How Challengers Succeed in Debates As President Bush and John Kerry prepare for their first debate tonight, NPR News Analyst Cokie Roberts says body language may have as much to do with winning as what the candidates say.
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How Challengers Succeed in Debates

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How Challengers Succeed in Debates

How Challengers Succeed in Debates

How Challengers Succeed in Debates

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  • <iframe src="https://www.npr.org/player/embed/4053974/4054313" width="100%" height="290" frameborder="0" scrolling="no" title="NPR embedded audio player">

President Gerald Ford, right, and Jimmy Carter face off in the first of their three debates in 1976. Gerald R. Ford Library hide caption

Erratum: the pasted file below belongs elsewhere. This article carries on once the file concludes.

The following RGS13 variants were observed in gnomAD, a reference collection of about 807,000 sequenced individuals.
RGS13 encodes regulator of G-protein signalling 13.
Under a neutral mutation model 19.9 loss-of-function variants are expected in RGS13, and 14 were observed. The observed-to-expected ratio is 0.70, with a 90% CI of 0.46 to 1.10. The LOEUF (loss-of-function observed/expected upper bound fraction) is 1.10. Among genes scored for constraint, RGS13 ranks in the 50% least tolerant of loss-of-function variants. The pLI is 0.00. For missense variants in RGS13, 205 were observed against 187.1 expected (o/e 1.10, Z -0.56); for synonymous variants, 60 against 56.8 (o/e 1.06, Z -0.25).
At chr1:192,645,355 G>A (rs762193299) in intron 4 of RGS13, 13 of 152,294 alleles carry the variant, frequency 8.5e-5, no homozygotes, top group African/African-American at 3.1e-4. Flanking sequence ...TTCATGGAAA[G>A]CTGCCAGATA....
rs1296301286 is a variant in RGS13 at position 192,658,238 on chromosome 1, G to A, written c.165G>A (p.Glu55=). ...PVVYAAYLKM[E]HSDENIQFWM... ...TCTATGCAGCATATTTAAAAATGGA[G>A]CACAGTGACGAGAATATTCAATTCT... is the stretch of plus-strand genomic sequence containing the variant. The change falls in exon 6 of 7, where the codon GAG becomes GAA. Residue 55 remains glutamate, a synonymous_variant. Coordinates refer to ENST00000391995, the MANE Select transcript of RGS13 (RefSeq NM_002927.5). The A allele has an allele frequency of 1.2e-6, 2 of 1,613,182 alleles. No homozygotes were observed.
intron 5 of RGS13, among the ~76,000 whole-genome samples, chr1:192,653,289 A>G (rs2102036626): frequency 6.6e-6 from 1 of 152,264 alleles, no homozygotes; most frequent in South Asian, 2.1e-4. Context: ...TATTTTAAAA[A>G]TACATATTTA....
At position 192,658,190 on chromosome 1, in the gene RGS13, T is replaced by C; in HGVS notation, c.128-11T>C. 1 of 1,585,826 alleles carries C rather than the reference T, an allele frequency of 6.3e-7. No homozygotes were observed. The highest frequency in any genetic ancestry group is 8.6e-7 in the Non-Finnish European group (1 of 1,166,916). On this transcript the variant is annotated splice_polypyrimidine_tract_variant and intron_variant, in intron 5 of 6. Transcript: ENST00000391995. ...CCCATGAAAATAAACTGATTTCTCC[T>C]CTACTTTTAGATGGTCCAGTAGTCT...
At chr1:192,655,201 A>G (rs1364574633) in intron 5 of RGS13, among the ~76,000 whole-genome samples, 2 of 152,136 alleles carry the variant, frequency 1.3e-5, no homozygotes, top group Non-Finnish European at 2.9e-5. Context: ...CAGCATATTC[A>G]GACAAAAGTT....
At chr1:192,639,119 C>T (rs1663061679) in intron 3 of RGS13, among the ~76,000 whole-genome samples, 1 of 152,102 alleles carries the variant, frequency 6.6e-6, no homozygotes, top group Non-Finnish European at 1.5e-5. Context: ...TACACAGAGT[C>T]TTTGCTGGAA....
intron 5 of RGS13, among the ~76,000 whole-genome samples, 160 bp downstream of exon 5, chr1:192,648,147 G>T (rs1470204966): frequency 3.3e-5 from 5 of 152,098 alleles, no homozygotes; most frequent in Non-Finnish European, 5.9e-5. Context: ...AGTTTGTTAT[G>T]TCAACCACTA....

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Gerald R. Ford Library

President Ford's gaffe on Poland dominated the post-debate coverage in 1976. hide caption

Playing Gotcha at the Debates
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Thursday's presidential debate is of crucial importance to Sen. John Kerry. The Democratic challenger has been falling behind President Bush in the polls in recent weeks. NPR News Analyst Cokie Roberts looks back on the debates of successful presidential challengers to see how the one-on-one debate helped them win.

"The thing to keep in mind is the whole affect of the debate has at least as much importance as the words themselves," Roberts tells NPR's Renee Montagne. "People get a sense of how the man stands and smiles and relates to the other man.... There have been some studies that show that [on television] the same person wins with the sound off as with the sound on."